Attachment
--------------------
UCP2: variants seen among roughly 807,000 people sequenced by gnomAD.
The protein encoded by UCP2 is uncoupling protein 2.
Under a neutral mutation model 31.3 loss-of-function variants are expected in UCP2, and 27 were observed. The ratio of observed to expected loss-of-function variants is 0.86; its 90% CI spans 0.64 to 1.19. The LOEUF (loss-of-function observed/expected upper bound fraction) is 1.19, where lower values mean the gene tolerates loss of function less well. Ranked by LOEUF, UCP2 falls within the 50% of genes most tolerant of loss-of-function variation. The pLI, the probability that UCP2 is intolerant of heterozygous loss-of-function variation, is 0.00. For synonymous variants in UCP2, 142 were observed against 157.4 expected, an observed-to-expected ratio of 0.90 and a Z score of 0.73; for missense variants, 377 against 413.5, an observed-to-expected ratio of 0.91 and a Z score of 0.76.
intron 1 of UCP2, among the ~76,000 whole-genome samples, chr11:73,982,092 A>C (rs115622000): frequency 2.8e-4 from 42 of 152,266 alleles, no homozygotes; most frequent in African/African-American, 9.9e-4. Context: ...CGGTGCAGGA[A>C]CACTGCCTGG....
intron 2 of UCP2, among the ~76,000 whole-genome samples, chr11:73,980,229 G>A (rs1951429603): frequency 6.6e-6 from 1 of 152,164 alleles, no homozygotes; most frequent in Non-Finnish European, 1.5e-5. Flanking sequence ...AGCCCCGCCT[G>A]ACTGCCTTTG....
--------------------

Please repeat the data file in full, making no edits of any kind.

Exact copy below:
UCP2: variants seen among roughly 807,000 people sequenced by gnomAD.
The protein encoded by UCP2 is uncoupling protein 2.
Under a neutral mutation model 31.3 loss-of-function variants are expected in UCP2, and 27 were observed. The ratio of observed to expected loss-of-function variants is 0.86; its 90% CI spans 0.64 to 1.19. The LOEUF (loss-of-function observed/expected upper bound fraction) is 1.19, where lower values mean the gene tolerates loss of function less well. Ranked by LOEUF, UCP2 falls within the 50% of genes most tolerant of loss-of-function variation. The pLI, the probability that UCP2 is intolerant of heterozygous loss-of-function variation, is 0.00. For synonymous variants in UCP2, 142 were observed against 157.4 expected, an observed-to-expected ratio of 0.90 and a Z score of 0.73; for missense variants, 377 against 413.5, an observed-to-expected ratio of 0.91 and a Z score of 0.76.
intron 1 of UCP2, among the ~76,000 whole-genome samples, chr11:73,982,092 A>C (rs115622000): frequency 2.8e-4 from 42 of 152,266 alleles, no homozygotes; most frequent in African/African-American, 9.9e-4. Context: ...CGGTGCAGGA[A>C]CACTGCCTGG....
intron 2 of UCP2, among the ~76,000 whole-genome samples, chr11:73,980,229 G>A (rs1951429603): frequency 6.6e-6 from 1 of 152,164 alleles, no homozygotes; most frequent in Non-Finnish European, 1.5e-5. Flanking sequence ...AGCCCCGCCT[G>A]ACTGCCTTTG....